28 November 2012, Sweetcrude, LAGOS – Oando Marketing Plc’s recently-launched Liquefied Petroleum Gas, LPG programme,under which the company introduced OGAS 3kilogramme cooking stove for low income households, is capable of solving the perennial problem of deforestation in Nigeria.
This revelation was one of the high points of the presentations and discussions during a recent Oando/Access–Agriculture, Climate Change and Entrepreneurship Support Services summit held in Abuja with the theme “LPG as a climate control tool in Africa: The Sustainability Agenda.”
According to the discussants, the clamour for the use of LPG for cooking was premised on the fact that it would check uncontrolled felling of trees for firewood, with its attendant deforestation and indoor air pollution.
This year’s summit, the first edition, which was chaired by a former First Lady and Founder, Women’s Right Advancement and Protection Alternative, WRAPA, Justice Fati Abubakar, noted that over 90 per cent of households in Nigeria use firewood or Kerosene despite harmful effects.
The summit acknowledged that though deforestation was a global challenge, it noted that a situation where three million cubic feet of wood was cut annually for firewood in a country, which ranked as sixth largest producer of natural gas in the world was unacceptable.
The Chief Executive Officer, Oando Marketing, Mr Yomi Awobokun, in a lead presentation remarked that “Annually, the country spends about N5billion to tackle desertification through the national afforestation programme. This cost is avoidable. Nigeria is the 6th largest producer of gas in the world.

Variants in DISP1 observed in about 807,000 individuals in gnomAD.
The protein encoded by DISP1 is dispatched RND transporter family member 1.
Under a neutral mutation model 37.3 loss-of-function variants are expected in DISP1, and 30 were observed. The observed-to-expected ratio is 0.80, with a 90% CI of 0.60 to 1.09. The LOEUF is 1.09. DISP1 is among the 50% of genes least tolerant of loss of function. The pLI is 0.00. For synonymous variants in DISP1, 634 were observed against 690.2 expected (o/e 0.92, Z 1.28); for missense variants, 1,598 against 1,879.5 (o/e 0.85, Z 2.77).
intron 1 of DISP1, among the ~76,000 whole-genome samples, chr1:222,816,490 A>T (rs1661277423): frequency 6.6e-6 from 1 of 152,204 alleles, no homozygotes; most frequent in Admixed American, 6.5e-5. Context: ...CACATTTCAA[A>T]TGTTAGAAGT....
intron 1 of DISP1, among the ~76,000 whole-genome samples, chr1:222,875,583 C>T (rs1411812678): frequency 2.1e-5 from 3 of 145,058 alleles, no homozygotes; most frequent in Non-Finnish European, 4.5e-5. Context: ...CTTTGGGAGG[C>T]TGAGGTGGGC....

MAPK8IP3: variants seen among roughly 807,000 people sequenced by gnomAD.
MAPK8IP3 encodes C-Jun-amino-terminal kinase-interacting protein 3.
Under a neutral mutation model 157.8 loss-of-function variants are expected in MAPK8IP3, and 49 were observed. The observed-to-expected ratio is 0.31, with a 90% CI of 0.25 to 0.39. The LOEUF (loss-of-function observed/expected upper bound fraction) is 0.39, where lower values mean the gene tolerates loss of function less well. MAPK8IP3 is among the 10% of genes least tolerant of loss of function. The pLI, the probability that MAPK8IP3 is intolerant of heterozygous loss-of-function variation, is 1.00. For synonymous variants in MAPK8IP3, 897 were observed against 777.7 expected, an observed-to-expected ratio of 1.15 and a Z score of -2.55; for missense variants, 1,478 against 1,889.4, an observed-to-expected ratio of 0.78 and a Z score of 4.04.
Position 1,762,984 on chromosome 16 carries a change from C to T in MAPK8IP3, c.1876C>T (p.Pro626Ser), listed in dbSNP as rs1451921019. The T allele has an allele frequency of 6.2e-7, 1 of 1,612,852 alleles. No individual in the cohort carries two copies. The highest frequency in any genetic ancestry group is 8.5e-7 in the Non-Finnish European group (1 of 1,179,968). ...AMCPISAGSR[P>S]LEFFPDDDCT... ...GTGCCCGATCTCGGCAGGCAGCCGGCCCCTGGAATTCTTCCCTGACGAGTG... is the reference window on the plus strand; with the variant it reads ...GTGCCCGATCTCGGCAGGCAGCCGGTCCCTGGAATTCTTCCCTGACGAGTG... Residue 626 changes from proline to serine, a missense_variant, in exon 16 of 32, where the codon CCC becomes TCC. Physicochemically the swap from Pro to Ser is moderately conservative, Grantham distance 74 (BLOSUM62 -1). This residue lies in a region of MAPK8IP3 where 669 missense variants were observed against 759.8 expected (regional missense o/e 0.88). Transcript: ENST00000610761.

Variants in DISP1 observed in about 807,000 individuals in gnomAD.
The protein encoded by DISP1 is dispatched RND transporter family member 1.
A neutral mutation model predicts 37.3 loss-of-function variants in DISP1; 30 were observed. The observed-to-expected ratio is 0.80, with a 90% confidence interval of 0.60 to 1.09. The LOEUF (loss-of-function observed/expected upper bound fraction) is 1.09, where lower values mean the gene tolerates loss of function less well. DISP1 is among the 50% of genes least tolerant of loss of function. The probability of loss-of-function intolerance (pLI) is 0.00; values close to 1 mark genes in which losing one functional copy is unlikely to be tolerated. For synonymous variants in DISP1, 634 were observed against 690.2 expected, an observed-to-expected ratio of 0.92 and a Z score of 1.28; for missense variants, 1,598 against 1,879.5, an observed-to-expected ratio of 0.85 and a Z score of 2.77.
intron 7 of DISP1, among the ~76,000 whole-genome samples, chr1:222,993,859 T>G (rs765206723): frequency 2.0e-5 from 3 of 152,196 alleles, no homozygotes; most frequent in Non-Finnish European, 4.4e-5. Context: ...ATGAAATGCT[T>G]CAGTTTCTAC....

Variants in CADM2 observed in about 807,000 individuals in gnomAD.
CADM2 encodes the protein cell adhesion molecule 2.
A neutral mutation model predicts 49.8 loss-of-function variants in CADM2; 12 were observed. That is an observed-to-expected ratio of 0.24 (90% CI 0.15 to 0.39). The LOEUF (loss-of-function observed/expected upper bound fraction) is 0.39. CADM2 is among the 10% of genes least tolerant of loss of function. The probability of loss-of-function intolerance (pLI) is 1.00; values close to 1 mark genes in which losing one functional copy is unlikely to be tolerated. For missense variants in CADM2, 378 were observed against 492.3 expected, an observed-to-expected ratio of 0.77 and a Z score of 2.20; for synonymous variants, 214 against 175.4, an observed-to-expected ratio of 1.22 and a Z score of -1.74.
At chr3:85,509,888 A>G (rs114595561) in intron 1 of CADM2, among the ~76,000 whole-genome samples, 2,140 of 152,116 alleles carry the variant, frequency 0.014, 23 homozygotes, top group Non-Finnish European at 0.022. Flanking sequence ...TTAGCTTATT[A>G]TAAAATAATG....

If we government at all levels adopt the use of LPG as the preferred cooking fuel, avail the people, especially those in rural Nigeria, an affordable cooking stove like the OGAS 3kg stove, we will be making tremendous saving that can be committed to other important areas of our national life”
Citing statistics from relevant national and global bodies, the Operations Director, Access Africa, Mr. Jerome Okolo, said Nigeria lost 55.7per cent of its primary forests between 2000 and 2005.
With the country also losing 351,000 hectares of landmass to desert conditions, according to statistics, Okolo said the rationale behind the proposal for a switch from firewood to LPG was also to save the country from drought.
Okolo noted that the N760billion spent annually on kerosene subsidy by the Federal Government was equivalent to 16 per cent of the country’s annual capital budget. He added that Nigeria required an estimated 20million cylinders to switch from kerosene to LPG, thereby saving the government over N760 billion annually.
The Oando’s initiative, which brought together many national and international stakeholders, including the British Department for International Development, DFID, to mobilise commitment towards the adoption of LPG as the preferred cooking fuel, was a boost to the United Nations collaborative programme on Reducing Emissions from Deforestation and forest Degradation, UN-REDD, in developing countries.